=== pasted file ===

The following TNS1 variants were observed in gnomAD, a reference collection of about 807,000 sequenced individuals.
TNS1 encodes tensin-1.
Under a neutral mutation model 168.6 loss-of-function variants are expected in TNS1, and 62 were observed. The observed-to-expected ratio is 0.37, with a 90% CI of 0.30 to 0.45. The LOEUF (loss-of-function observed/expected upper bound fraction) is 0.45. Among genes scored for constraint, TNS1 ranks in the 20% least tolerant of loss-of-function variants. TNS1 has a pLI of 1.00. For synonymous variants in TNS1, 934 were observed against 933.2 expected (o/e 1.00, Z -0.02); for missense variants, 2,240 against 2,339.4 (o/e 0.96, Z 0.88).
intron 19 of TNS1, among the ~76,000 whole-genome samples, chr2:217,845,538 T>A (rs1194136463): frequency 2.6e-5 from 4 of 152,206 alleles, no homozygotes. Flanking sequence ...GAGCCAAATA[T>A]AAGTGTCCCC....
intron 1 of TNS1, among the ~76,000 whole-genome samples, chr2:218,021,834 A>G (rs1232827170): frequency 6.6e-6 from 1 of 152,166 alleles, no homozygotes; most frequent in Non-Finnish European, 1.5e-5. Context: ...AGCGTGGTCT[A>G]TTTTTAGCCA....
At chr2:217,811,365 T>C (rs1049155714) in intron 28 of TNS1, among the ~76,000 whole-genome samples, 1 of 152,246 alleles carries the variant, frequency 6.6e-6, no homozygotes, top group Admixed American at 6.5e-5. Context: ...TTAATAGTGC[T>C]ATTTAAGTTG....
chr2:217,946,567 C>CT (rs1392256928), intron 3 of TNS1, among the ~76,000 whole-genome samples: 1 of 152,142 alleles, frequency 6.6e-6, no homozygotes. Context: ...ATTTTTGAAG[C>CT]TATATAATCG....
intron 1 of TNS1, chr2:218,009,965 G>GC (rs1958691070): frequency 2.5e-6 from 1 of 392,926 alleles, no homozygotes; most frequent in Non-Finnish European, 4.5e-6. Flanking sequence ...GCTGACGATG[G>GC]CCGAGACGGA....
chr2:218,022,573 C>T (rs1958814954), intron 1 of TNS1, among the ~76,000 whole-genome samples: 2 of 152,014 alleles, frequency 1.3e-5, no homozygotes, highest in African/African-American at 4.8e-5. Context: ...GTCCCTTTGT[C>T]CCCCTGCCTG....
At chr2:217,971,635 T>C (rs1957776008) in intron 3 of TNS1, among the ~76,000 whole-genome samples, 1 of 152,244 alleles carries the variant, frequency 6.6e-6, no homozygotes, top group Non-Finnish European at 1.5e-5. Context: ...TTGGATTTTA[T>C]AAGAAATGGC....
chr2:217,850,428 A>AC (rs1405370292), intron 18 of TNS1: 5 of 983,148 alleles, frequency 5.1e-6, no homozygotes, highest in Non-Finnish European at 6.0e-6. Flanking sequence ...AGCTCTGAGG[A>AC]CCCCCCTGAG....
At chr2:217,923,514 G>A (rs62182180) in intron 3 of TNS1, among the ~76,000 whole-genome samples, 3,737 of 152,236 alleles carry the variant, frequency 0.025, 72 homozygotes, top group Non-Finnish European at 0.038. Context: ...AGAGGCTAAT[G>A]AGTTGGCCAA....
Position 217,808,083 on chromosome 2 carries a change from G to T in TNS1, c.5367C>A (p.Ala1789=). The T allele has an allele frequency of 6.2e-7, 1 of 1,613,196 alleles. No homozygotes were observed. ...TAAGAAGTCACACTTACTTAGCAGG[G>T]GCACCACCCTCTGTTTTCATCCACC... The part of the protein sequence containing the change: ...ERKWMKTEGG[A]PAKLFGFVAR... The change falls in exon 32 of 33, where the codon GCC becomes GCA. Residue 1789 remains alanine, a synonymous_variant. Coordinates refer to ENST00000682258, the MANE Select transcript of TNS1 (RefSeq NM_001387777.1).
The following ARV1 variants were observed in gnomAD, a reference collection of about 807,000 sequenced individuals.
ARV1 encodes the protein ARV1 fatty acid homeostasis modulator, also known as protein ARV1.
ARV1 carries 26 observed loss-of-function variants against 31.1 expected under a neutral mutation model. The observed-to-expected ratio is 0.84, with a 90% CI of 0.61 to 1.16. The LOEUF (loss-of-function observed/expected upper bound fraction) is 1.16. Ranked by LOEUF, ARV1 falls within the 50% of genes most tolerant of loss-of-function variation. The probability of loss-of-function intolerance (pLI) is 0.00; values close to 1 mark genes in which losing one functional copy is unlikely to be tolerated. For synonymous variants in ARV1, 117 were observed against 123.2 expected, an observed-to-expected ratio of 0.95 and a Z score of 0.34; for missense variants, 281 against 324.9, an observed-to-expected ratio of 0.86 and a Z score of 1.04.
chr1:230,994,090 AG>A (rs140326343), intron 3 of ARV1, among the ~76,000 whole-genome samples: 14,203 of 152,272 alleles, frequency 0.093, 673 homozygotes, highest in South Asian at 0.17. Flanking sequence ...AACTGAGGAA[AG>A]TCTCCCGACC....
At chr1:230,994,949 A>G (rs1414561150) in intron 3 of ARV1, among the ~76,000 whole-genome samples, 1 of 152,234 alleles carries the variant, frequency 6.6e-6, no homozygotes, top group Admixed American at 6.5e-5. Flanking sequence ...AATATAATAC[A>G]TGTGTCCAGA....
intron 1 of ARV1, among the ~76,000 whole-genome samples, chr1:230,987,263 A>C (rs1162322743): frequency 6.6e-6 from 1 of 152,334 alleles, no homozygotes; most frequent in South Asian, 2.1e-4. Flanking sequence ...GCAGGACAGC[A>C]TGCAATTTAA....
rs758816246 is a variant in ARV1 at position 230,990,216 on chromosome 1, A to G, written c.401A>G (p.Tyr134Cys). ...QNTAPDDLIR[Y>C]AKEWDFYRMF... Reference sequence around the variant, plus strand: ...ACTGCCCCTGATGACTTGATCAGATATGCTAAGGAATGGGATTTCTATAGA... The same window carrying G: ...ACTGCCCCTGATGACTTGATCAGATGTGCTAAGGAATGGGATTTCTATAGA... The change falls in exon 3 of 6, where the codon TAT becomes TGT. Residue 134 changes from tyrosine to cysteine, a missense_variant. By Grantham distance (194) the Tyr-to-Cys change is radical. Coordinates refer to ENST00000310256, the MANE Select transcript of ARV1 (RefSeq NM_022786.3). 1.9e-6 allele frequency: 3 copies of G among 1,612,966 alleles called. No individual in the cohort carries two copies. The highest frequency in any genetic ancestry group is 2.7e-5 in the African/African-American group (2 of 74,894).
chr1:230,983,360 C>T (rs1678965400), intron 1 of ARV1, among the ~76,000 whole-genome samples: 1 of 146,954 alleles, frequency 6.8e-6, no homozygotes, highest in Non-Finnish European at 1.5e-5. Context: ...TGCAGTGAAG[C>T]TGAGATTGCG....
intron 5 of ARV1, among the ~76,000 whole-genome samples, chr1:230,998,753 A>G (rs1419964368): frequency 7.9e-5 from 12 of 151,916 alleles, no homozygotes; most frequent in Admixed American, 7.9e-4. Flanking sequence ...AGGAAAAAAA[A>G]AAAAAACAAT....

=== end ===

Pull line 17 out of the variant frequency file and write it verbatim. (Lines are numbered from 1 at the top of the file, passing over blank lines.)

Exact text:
chr1:230,994,090 AG>A (rs140326343), intron 3 of ARV1, among the ~76,000 whole-genome samples: 14,203 of 152,272 alleles, frequency 0.093, 673 homozygotes, highest in South Asian at 0.17. Flanking sequence ...AACTGAGGAA[AG>A]TCTCCCGACC....